Nausea (novel)  

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"[It is] like a bruise or a secretion, like an oozing—and something else, an odour for example; it melted into the odour of wet earth, warm, moist wood, into a black odour that spread like varnish over its sensitive wood, in a flavour of chewed, sweet fibre." --Jean-Paul Sartre

"Dire qu'il y a des imbéciles pour puiser des consolations dans les beaux-arts. Comme ma tante Bigeois: "Les Préludes de Chopin m'ont été d'un tel secoursà la mort de ton pauvre oncle." Et les salles de concert regorgent d'humiliés, d'offensés qui, les yeux clos, cherchent à transformer leurs pâ̂les visages en antennes réceptrices. Ils se figurent que les sons captés coulent en eux, doux et nourrissants et que leurs souffrances deviennent musique, comme celles du jeune Werther; ils croient que la beauté leur est compatissante. Les cons."

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Kunstformen der Natur (1904) by Ernst Haeckel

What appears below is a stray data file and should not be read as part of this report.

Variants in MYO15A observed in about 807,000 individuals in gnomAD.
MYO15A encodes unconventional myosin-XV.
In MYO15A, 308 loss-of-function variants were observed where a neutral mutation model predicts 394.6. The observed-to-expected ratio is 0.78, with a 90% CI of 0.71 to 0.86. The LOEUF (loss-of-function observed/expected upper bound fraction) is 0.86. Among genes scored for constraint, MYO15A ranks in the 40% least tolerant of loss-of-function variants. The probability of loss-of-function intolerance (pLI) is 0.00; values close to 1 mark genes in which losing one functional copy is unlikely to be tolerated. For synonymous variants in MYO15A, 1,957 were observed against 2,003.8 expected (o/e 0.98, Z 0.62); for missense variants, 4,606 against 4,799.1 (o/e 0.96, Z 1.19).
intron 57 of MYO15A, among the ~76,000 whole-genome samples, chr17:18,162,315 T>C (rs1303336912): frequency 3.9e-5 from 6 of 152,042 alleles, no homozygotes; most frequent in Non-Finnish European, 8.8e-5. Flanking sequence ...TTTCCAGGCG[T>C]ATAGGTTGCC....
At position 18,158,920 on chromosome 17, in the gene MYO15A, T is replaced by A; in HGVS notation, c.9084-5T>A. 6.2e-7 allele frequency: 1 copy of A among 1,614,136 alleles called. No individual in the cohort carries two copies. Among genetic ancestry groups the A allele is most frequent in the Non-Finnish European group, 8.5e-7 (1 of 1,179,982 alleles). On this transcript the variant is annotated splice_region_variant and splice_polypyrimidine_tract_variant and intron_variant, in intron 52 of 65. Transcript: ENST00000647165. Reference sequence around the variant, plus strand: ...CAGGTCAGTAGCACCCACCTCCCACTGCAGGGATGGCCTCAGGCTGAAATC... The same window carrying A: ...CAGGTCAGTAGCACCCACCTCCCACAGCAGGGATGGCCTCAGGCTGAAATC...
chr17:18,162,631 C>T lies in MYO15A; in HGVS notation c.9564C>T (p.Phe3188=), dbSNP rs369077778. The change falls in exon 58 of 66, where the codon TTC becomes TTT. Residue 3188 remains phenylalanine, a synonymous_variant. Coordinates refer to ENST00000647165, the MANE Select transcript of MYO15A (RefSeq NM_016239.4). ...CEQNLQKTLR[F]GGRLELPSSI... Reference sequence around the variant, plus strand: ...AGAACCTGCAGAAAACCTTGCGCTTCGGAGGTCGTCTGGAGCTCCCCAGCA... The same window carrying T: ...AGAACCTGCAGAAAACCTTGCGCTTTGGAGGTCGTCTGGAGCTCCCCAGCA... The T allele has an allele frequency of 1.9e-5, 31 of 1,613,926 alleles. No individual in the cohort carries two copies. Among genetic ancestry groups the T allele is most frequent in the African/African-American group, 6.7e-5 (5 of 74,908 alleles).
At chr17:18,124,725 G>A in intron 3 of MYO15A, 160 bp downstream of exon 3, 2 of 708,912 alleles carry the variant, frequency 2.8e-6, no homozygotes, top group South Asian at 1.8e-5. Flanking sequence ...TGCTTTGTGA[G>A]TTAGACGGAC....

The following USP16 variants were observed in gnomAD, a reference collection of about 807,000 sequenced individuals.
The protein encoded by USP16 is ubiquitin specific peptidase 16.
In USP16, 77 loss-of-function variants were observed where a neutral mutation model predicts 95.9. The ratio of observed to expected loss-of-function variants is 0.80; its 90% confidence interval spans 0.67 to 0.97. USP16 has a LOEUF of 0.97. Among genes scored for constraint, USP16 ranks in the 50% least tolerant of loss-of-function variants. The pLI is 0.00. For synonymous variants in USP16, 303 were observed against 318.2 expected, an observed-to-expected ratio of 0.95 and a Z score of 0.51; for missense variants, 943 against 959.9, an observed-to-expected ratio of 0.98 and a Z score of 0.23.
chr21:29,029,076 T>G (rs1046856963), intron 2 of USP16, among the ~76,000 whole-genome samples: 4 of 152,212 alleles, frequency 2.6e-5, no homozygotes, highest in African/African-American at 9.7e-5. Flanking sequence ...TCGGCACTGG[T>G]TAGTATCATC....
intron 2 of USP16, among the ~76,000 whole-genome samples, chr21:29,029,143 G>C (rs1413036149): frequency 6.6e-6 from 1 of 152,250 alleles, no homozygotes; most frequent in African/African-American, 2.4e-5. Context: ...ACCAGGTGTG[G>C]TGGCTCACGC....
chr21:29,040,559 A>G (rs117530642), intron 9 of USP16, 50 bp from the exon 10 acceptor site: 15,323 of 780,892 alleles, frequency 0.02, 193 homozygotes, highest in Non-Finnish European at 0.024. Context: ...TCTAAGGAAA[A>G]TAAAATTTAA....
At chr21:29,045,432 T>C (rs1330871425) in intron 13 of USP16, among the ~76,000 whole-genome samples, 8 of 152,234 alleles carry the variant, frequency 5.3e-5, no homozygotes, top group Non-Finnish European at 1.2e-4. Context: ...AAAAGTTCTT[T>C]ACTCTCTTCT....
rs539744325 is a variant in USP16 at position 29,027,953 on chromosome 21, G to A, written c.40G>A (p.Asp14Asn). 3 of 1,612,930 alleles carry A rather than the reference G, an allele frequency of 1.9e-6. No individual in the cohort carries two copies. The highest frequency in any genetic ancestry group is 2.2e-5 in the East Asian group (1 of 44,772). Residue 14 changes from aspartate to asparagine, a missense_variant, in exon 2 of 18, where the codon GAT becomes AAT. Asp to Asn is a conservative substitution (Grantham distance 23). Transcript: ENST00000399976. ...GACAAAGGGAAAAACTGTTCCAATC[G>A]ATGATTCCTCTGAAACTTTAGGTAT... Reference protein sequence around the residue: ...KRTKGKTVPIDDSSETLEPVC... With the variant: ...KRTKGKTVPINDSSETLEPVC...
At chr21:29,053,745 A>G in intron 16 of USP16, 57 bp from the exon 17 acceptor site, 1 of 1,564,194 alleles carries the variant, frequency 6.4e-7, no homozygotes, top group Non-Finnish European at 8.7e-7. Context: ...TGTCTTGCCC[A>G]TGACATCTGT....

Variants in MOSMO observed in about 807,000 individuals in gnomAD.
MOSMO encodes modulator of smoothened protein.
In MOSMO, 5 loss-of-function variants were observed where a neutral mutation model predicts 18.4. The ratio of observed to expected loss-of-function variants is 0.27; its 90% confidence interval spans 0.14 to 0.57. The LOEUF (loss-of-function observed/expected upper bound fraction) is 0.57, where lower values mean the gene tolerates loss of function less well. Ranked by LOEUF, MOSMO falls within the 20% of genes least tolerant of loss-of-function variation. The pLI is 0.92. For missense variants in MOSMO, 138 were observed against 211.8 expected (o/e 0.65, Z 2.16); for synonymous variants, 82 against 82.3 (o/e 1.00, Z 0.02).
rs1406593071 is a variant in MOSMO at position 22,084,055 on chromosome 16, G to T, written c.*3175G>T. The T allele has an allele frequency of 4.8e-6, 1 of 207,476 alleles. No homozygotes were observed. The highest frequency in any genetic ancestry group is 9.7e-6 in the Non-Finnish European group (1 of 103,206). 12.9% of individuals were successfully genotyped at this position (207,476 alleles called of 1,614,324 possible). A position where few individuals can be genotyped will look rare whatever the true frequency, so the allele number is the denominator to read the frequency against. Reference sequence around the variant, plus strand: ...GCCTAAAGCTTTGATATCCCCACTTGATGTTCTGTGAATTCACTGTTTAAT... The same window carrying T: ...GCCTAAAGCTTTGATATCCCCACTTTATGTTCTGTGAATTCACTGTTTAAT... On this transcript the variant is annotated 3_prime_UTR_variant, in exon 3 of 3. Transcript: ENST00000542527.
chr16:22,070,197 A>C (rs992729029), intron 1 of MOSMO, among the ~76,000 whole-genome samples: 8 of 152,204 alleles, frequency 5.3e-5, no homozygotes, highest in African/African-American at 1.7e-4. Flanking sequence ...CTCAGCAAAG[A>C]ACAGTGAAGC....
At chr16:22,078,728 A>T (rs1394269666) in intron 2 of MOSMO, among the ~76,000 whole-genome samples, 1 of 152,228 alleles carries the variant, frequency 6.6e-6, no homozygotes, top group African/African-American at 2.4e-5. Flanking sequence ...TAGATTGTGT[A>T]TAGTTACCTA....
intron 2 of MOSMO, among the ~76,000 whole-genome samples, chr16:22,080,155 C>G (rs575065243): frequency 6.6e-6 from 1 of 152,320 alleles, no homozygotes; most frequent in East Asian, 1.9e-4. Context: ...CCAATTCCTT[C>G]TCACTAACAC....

Kunstformen der Natur (1904) by Ernst Haeckel

La Nausée is a novel by the existentialist philosopher Jean-Paul Sartre, written in 1938 while he was a college professor. It is one of Sartre's best-known novels.

The Kafka-influenced novel concerns a dejected historian in a town similar to Le Havre who becomes convinced that inanimate objects and situations encroach on his ability to define himself, on his intellectual and spiritual freedom, evoking in the protagonist a sense of nausea.

It is widely considered one of the canonical works of existentialism. Sartre received the Nobel Prize for literature in 1964. They said he was recognized, "for his work which, rich in ideas and filled with the spirit of freedom and the quest for truth, has exerted a far-reaching influence on our age." Sartre was one of the few people to ever decline the award, referring to it as merely a function of a bourgeois institution.

In her La Force de l'Âge (The Prime of Life - 1960), French writer Simone de Beauvoir claims that La Nausée grants consciousness a remarkable independence and gives reality the full weight of its sense.

It was translated into English by Lloyd Alexander (New York: New Directions, 1964).

Unless indicated otherwise, the text in this article is either based on Wikipedia article "Nausea (novel)" or another language Wikipedia page thereof used under the terms of the GNU Free Documentation License; or on research by Jahsonic and friends. See Art and Popular Culture's copyright notice.

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